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Take the Sting Out of Gardening!


I want your gardening experience to be fun and safe from stinging insects such as yellow jackets, wasps, hornets and bees.  Gardening means being outside in the fresh air with flowers; that is where stinging insects are found as well.

Different sting reactions can predict future sting reactions!

There are 3 types of stinging insect reactions:

  1. Small localized:  these are common and “normal” with pain, redness and swelling at the site of the sting only.  Mild nausea may also occur.  It hurts but it does not predict a worse reaction with the next sting or require allergy testing or having self-injectable epinephrine.
  2.  Large localized:  these reactions are more impressive and consist of redness, swelling and itching that extends from the sting site sometimes for quite a distance.  For example, a sting on the hand that extends up the entire arm.  The risk is slightly higher for a generalized reaction but not significant to require allergy testing or self-injectable epinephrine.  The risk of developing compartment syndrome can be prevented by taking Prednisone prescribed by a physician.
  3. Generalized hives/skin reactions:  for children <16 years old, the risk of a future anaphylactic reaction to a sting is low, but for adults, the risk is higher.  Therefore, adults with generalized rash, itching or hives after a sting should be evaluated by an allergist.
  4. Anaphylaxis:  this is the most severe type of allergic reaction and if left untreated may lead to death.  Symptoms typically include the skin (hives, swelling, rash, flushing) but also include other body organ systems such as respiratory (throat tightness, cough, wheezing, chest tightness, shortness of breath, difficulty breathing), GI (nausea, vomiting, abdominal pain), and less commonly shock (decrease in blood pressure) leading to loss of consciousness and if severe seizures.  Even if symptoms are mild but include more than 1 organ system are a person is at increased risk for a more severe allergic reaction on the next sting.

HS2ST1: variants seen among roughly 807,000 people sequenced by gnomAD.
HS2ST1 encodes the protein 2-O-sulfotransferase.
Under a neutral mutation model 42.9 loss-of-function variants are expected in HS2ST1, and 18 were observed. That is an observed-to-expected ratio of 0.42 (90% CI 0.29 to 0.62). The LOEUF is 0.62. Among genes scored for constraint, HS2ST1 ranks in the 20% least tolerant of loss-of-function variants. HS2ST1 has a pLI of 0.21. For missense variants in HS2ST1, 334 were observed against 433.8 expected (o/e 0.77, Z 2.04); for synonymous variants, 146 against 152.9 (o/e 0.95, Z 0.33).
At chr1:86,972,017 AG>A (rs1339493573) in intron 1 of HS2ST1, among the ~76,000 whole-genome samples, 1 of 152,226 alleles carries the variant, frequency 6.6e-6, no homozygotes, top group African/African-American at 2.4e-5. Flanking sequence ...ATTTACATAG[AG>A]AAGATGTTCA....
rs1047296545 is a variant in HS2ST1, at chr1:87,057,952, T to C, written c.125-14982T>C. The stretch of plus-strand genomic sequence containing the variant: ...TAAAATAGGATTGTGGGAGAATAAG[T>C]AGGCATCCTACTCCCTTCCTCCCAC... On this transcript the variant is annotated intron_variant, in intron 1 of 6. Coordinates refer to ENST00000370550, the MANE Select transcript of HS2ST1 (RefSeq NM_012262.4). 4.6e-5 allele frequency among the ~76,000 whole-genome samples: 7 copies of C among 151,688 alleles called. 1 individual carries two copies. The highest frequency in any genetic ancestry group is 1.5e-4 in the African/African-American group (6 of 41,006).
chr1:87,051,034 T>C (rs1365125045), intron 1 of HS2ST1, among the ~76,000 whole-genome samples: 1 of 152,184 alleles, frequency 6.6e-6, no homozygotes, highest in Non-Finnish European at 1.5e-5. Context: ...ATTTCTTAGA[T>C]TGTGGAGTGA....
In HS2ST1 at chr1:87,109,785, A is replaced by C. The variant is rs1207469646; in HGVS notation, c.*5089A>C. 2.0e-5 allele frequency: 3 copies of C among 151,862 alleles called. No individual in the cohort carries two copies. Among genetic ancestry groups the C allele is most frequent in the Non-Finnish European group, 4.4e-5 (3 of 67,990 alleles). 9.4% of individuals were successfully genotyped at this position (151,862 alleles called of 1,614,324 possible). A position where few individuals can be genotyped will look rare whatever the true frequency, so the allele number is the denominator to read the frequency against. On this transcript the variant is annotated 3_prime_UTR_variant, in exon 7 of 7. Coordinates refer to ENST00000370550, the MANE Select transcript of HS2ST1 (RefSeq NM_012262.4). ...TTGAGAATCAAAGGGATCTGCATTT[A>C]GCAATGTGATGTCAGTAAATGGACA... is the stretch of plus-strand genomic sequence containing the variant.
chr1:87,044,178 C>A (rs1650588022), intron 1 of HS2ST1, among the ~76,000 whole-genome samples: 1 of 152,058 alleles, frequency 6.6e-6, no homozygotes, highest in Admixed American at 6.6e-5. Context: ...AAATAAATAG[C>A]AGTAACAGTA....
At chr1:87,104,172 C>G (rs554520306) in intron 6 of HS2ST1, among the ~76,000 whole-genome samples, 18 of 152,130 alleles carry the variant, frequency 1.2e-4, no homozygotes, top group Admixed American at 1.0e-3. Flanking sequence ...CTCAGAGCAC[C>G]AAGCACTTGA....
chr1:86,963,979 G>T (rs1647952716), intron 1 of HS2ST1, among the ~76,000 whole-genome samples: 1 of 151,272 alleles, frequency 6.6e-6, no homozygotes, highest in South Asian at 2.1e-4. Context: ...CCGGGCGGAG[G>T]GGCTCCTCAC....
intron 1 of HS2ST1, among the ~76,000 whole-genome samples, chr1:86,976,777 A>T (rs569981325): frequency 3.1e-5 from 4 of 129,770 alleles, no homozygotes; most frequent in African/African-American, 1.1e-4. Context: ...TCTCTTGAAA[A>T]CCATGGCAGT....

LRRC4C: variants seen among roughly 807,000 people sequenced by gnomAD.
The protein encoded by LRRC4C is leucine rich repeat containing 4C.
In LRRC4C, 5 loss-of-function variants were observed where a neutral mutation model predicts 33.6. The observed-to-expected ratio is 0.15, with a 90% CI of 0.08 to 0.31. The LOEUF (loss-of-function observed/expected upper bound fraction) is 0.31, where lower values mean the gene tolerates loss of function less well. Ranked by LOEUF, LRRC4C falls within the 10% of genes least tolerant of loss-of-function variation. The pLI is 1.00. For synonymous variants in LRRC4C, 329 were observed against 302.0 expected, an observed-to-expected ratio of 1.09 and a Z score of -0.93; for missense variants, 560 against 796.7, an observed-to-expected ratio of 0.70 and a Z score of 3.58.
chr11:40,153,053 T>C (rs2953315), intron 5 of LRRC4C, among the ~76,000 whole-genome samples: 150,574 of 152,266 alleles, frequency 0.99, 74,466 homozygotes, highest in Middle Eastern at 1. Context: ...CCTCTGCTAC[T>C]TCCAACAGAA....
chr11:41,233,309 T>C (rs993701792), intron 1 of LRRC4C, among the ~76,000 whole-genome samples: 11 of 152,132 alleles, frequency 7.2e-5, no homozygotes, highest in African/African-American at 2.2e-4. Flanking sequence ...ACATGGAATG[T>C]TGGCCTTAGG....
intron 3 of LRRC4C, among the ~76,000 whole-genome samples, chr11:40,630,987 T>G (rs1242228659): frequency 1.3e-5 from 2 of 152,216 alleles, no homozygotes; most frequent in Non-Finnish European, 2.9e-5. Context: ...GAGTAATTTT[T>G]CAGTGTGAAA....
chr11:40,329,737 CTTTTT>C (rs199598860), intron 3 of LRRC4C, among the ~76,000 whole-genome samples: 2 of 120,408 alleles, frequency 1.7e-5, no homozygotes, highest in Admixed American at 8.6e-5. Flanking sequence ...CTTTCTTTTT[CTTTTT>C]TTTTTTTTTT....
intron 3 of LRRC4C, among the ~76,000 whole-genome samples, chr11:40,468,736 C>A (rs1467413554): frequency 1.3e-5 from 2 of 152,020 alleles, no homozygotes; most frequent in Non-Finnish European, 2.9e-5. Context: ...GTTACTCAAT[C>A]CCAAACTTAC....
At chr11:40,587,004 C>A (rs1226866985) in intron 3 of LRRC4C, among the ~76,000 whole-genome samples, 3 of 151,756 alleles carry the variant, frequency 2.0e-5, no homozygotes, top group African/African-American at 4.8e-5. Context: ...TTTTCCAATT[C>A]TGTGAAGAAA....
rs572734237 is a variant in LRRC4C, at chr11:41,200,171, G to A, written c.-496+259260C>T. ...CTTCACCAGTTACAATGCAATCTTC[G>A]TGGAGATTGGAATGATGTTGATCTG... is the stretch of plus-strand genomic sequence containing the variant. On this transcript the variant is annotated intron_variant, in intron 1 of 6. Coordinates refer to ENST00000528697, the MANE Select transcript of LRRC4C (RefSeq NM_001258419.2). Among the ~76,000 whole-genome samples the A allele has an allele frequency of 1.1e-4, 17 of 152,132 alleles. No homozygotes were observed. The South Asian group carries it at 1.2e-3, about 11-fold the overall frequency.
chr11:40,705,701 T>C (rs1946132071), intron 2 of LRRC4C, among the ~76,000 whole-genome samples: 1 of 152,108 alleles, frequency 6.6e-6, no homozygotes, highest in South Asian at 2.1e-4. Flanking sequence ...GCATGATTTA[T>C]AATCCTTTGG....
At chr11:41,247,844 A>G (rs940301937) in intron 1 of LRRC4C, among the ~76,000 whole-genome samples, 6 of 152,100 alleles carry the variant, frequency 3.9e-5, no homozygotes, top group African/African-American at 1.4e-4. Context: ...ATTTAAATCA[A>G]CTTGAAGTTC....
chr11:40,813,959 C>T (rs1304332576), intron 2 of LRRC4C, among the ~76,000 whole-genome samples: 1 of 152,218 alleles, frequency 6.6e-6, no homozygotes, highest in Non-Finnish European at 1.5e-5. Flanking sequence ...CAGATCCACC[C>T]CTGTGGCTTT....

• Key Point: Any individual who has experienced anaphylaxis or those over 16 years old who have had generalized skin reactions are encouraged to seek evaluation by an allergist to discuss treatment strategies.
    • Obtain a prescription and learn how and when to use self-injectable epinephrine (EpiPen®, Auvi-Q®, Adrenaclick®)
    • Learn how to protect yourself from stings and treat if stung.
    • Specific Treatment:  VIT (Venom Immuno-Therapy):  this is a process of gradually increasing doses of venom injections to “desensitize” a person to the venom that triggered the allergic reaction.  Treatment is highly successful and safe in the hands of an experienced allergist.
  • How can I avoid being stung?  An ounce of prevention is worth a pound of cure!  Let me provide you with some ideas that really work.
    • Do not look or smell like a flower (do not wear bright colored clothing or wear perfume/cologne); instead wear drab colored clothes (like you are going trout fishing!)
    • Do not leave pop bottles or cans open as insects will fly into these to enjoy sweet drinks.  A sting in the mouth can be severe!
    • Do not swat at the insects.  Back away slowly.
    • Evaluate the gardening area searching for insect nests.
      • Hornets (white and yellow faced): build oval “paper” nests that hang from trees and look like “Japanese lanterns.”
      • Yellow jackets: build nests in the ground, fences, bushes, decks and they are VERY aggressive!
      • Wasps: build nests from mud or woody pulp (paper-like) and can be found along walls, eaves of houses or in burrows.
      • Honey bees:  wild bees live in hollow trees or logs.  Domesticated bees live in colonies in straw, clay or wood structures. Bees tend to be docile and sting to protect the hive and Queen.
  • What to do if you are stung?  Act quick and follow these instructions.
    • Don’t panic!
    • If the stinger is still in the skin (only honey bees leave a stinger) flick it off quickly within seconds (don’t squeeze)!
    • Wash the sting area with soap and water
    • Apply cold pack (ice) to the sting site to help with swelling
    • Take an antihistamine such as Zyrtec®, Claritin®, Allegra®, Xyzal® or Benadryl®.  It takes about 30 minutes for an antihistamine to become effective.
    • Take ibuprofen (unless your are allergic to it) to decrease pain
    • Administer self-injectable epinephrine into outer thigh if you are at high risk for anaphylaxis (see above).
    • Call 911 immediately if experiencing breathing, heart symptoms or feeling of “impending doom.”

Gardening is rewarding!  Don’t let stinging insects take the fun out of it!

At Family Allergy & Asthma Care of Montana, we want you to enjoy outdoor activities including gardening and be safe while doing them.

This information is solely for informational purposes and not intended as a substitute for consultation with a medical professional.

  1. Ethan HansenEthan Hansen09-30-2019

    It’s good to know that signs of anaphylaxis can be treated if you have epinephrine nearby. My wife is allergic to bees and we want to make sure she’s safe when we start gardening. We’ll be sure to keep your tips in mind as we find an allergy center!

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